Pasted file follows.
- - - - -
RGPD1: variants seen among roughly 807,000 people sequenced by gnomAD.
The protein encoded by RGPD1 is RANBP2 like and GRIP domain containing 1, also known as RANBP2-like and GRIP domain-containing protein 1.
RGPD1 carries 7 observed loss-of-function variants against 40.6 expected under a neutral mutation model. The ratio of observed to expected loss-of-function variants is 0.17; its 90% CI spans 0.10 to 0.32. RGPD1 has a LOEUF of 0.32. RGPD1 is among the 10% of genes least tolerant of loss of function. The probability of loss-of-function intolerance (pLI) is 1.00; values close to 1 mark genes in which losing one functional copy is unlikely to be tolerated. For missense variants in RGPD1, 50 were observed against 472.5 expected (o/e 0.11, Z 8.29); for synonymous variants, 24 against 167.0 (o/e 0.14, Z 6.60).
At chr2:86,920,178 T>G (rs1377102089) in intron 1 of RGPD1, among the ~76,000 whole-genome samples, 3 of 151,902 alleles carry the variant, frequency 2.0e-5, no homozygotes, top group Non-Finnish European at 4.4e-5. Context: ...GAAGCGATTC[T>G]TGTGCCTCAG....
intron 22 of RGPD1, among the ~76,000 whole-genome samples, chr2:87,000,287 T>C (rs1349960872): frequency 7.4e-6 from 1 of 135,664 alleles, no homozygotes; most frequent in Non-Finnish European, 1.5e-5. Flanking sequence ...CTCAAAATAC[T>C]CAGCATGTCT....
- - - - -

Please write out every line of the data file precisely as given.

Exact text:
RGPD1: variants seen among roughly 807,000 people sequenced by gnomAD.
The protein encoded by RGPD1 is RANBP2 like and GRIP domain containing 1, also known as RANBP2-like and GRIP domain-containing protein 1.
RGPD1 carries 7 observed loss-of-function variants against 40.6 expected under a neutral mutation model. The ratio of observed to expected loss-of-function variants is 0.17; its 90% CI spans 0.10 to 0.32. RGPD1 has a LOEUF of 0.32. RGPD1 is among the 10% of genes least tolerant of loss of function. The probability of loss-of-function intolerance (pLI) is 1.00; values close to 1 mark genes in which losing one functional copy is unlikely to be tolerated. For missense variants in RGPD1, 50 were observed against 472.5 expected (o/e 0.11, Z 8.29); for synonymous variants, 24 against 167.0 (o/e 0.14, Z 6.60).
At chr2:86,920,178 T>G (rs1377102089) in intron 1 of RGPD1, among the ~76,000 whole-genome samples, 3 of 151,902 alleles carry the variant, frequency 2.0e-5, no homozygotes, top group Non-Finnish European at 4.4e-5. Context: ...GAAGCGATTC[T>G]TGTGCCTCAG....
intron 22 of RGPD1, among the ~76,000 whole-genome samples, chr2:87,000,287 T>C (rs1349960872): frequency 7.4e-6 from 1 of 135,664 alleles, no homozygotes; most frequent in Non-Finnish European, 1.5e-5. Flanking sequence ...CTCAAAATAC[T>C]CAGCATGTCT....